Been feeling the heat? Insulate!

Centre for nature and green living

Been feeling the heat? Insulate!

Sun shining through tree leaves
Trees can provide valuable shading for houses in the summer. Substantial green spaces, like St Nicks, actually help reduce the urban heat island effect which raises background temperature in inner cities by up to 8C compared to the surrounding countryside (see Kate de Selincourt's articles for more details).

It’s been an interesting summer, in more ways than one, seesawing between some of the hottest days on record and below average temperatures. MetOffice happened (or chose?) to issue its 2019 State of the Climate report on the hottest day of July. This confirmed the overall warming trend and the role of climate change in making extreme weather events such as heatwaves much more likely to happen and more often. The MetOffice projections show that these “could occur on average as regularly as every other year by the middle of the century.” What does this mean for our homes?

Comfortable temperatures are hard to define because they vary hugely depending on our individual levels of activity or digestion, general health and many other personal as well as environmental factors. What feels nice to one person will seem too hot or cold to another, and the air temperature forms only one part of what experts call thermal comfort. When it comes to what’s too hot, generally speaking according to Kate de Selincourt’s detailed article on overheating in buildings, “most people begin to feel ‘warm’ at 25ºC and ‘hot’ at 28ºC”. Going much beyond those temperatures poses the risk of heat stress and potentially dangerous health impacts or even excess deaths, especially if we can’t sleep at night due to the heat.

Now, it may seem counter-intuitive to suggest that the solution is to effectively put a duvet over your house by insulating it. However, when installed well and with a whole house plan in mind, insulation will not just keep you warmer in the winter but also cooler in the summer. Just like using a hat will help protect us from a sunstroke, insulated roofs and walls will help keep the heat out of the house. The trick is to balance all the main factors that help make a good house – continuous insulation, airtightness and ventilation discussed in our previous blog – to give the best year round performance.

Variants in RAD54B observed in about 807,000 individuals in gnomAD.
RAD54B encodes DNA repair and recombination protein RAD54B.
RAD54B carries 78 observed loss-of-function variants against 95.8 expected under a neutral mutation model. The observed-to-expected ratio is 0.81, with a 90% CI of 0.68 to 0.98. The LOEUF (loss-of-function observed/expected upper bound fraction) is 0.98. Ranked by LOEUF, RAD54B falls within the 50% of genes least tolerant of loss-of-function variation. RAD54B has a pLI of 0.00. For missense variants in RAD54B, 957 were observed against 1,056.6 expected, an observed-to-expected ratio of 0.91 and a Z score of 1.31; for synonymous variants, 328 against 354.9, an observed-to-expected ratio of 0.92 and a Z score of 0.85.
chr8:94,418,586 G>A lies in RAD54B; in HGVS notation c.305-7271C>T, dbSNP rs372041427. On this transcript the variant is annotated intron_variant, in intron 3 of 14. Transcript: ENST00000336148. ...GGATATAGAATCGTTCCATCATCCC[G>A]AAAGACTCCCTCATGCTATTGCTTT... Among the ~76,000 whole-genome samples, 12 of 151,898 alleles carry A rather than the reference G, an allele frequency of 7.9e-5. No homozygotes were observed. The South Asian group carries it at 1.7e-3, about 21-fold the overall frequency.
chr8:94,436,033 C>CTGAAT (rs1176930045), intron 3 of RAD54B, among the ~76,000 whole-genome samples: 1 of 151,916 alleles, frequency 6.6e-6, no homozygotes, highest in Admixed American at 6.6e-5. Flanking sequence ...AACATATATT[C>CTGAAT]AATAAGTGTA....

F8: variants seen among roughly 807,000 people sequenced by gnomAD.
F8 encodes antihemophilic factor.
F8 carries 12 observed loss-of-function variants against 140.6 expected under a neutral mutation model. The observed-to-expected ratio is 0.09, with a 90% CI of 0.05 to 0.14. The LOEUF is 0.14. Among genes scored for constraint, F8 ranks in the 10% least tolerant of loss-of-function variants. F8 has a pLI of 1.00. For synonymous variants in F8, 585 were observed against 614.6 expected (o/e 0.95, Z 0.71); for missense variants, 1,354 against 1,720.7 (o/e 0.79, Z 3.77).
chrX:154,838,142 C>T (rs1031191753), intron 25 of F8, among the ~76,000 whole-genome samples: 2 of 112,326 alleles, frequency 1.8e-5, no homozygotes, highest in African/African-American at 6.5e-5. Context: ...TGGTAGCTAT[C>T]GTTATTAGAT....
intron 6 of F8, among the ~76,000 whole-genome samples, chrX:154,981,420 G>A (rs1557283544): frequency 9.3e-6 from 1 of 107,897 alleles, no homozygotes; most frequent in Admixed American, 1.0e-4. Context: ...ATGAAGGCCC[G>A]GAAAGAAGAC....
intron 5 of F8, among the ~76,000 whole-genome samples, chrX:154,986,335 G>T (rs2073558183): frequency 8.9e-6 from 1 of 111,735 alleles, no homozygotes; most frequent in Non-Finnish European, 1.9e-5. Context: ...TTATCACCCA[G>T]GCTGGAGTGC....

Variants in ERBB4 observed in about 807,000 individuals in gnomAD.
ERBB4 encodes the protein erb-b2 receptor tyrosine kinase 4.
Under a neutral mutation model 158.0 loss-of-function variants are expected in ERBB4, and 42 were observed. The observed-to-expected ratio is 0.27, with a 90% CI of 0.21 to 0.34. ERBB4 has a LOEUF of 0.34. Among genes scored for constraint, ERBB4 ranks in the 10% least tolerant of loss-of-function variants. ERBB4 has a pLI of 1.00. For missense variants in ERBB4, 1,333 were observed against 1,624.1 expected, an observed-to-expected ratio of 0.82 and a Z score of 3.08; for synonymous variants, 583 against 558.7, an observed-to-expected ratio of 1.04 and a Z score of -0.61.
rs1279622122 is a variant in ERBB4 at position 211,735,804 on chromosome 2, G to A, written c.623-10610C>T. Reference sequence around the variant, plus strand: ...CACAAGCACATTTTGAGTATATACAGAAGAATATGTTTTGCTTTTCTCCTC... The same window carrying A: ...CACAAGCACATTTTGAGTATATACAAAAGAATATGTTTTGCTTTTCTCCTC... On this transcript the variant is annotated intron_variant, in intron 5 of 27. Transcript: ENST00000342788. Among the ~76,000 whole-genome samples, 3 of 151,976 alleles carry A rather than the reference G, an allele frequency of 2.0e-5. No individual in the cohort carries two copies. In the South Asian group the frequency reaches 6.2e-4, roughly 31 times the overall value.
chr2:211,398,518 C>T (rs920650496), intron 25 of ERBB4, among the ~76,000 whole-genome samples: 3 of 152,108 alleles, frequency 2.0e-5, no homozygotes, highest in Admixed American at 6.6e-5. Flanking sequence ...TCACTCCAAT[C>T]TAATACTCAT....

Phil Bixby tweet about measured indoor temperatures

Click on the image to see the tweet about temperatures measured in Phil Bixby’s house on a very hot August 2020 day.

York architect Phil Bixby, a regular participant of our York Open Eco Homes, has shown how effective his energy efficient retrofit of a Victorian end terrace has been in keeping his household cooler on a hot summer day. Despite the outside temperature reaching over 35ºC, the living room kept around 10ºC cooler throughout the day. One could argue that uninsulated Victorian terraced houses can often remain cooler in the summer; but they will also be pretty cold in the winter unless you can afford to pour heat into it them at a significant cost for both your pocket and the planet. Keeping reasonably comfortable in our homes throughout the year is surely more desirable than keeping cooler during particular extreme weather events.

There is much more to the issue of overheating than too little (or, in rarer cases, too much) insulation. Kate de Selincourt cites examples from around the country of the different causes of building overheating – from too much solar gain or lack of adequate ventilation to uninsulated hot water pipes and even urban heat island effect (which green spaces such as St Nicks can help reduce). I recommend her article for anyone who is keen to delve deeper into the technical issues associated with good house retrofitting before applying for a Green Homes Grant to upgrade their home.

The upshot of it is that making our homes warmer with insulation can also help keep them cooler when required — if it is done carefully, both at the design and installation or construction stages. As with many things, the devil is in the detail. The Green Homes Grants, available from the end of September 2020 until March 2021, will not cover full costs of insulating your whole home but should easily pay at least for getting the attic and ground floors done. Keeping feet warm and stopping heat escaping through the roof are very good and low risk starting points on a whole house retrofit journey.

To get more tips and see what Phil and other York residents have done to make their homes more comfortable, cheaper to run and more climate-friendly, join us online for York Open Eco Homes 2020.

This post was written by St Nicks Outreach Officer Ivana Jakubkova.

27 August 2020 | Categories: One Planet Living | Tags: climate, ecohome, Green Homes Grants, insulation, retrofitting